True or logical…

Like
Guest
Oct 28, 2023
Replying to

And yet, such teaching disappeared. McMurry's book was well cited in the 1910s, but fell out of favor. But while popular some students taught his factors would have become teachers, and they would have taught their students, but each generation the skills are lost until we have what we have today. All because being an old idea, none of the EdDs could figure out to make money off the ideas, assuming they found them instead of sticking with their indoctrination. Teaching use to be a trade/profession that relied on tried and proven methods, but then they decided it needed to be academic and have advanced degrees that relied on doing experiments on children with no ethical oversight to stop…

Like

Guest
Oct 27, 2023

In my state, there are many socioeconomically mixed districts as the boundaries were drawn that way when mergers were done fifty years ago. The ultrawealthy do not attend public. The mix doesn't help, because the districts don't offer enough seats in college prep to all that are capable. What I'm seeing now is middle class families' students going into engineering, bio, and law as older students because their wealthier friends urge them to as they succeed (ie family gave up vacation or worked OT in order to buy math after Regent's Geometry online plus pay for Dual Enrollment) or their poorer friends succeed (preferred seating and Foundation aid in high school plus tuition free college) ...but they are on…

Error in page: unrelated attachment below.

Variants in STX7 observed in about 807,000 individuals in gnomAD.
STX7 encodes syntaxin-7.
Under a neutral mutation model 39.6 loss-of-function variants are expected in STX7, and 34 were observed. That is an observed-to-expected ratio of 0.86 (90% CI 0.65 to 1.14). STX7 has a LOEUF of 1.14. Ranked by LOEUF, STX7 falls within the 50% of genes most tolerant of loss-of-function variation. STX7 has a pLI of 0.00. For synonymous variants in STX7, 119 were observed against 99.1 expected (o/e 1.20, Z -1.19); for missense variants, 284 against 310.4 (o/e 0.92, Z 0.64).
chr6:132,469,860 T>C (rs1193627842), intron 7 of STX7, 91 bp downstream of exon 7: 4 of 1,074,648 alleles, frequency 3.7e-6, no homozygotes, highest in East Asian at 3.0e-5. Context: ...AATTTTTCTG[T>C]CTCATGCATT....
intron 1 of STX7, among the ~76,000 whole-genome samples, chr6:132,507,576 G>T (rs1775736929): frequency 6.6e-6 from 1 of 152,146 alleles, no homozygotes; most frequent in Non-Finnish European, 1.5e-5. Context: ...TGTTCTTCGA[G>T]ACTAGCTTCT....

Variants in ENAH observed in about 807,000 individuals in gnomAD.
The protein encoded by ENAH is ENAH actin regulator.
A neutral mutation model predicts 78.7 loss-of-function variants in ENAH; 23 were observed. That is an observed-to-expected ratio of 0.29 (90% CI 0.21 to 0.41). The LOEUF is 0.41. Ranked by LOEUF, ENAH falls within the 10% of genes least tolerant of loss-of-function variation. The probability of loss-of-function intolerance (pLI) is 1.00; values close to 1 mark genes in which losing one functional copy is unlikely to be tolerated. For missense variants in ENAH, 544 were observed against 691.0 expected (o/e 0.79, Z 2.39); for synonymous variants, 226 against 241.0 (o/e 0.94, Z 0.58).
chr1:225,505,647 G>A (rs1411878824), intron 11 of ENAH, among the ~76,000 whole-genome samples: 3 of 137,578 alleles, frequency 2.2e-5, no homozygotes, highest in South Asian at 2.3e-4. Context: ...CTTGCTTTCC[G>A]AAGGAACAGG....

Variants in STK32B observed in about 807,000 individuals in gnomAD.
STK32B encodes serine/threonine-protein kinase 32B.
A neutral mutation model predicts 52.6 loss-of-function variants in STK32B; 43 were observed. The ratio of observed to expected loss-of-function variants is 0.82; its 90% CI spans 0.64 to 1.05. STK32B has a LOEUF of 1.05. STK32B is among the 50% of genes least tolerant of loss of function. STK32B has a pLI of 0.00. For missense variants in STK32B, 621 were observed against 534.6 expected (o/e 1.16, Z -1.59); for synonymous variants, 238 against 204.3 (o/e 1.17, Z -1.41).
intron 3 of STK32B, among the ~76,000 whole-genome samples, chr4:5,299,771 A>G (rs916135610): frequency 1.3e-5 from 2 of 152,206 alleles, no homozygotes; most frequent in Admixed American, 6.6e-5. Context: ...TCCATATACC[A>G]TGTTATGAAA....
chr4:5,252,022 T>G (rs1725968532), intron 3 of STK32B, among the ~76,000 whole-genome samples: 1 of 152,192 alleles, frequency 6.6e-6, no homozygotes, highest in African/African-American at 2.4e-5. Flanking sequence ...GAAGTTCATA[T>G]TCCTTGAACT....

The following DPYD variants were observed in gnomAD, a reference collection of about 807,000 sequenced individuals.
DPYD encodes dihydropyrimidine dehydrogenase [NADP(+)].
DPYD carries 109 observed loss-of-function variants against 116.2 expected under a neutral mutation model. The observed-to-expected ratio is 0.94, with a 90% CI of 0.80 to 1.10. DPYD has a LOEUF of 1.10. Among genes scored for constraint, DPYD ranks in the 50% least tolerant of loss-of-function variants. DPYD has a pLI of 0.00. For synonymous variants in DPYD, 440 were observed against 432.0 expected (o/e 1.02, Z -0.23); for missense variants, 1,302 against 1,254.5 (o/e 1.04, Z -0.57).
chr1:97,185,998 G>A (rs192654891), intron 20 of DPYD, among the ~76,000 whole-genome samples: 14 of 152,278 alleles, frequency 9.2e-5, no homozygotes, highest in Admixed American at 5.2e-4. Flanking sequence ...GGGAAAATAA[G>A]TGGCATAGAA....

Like
bottom of page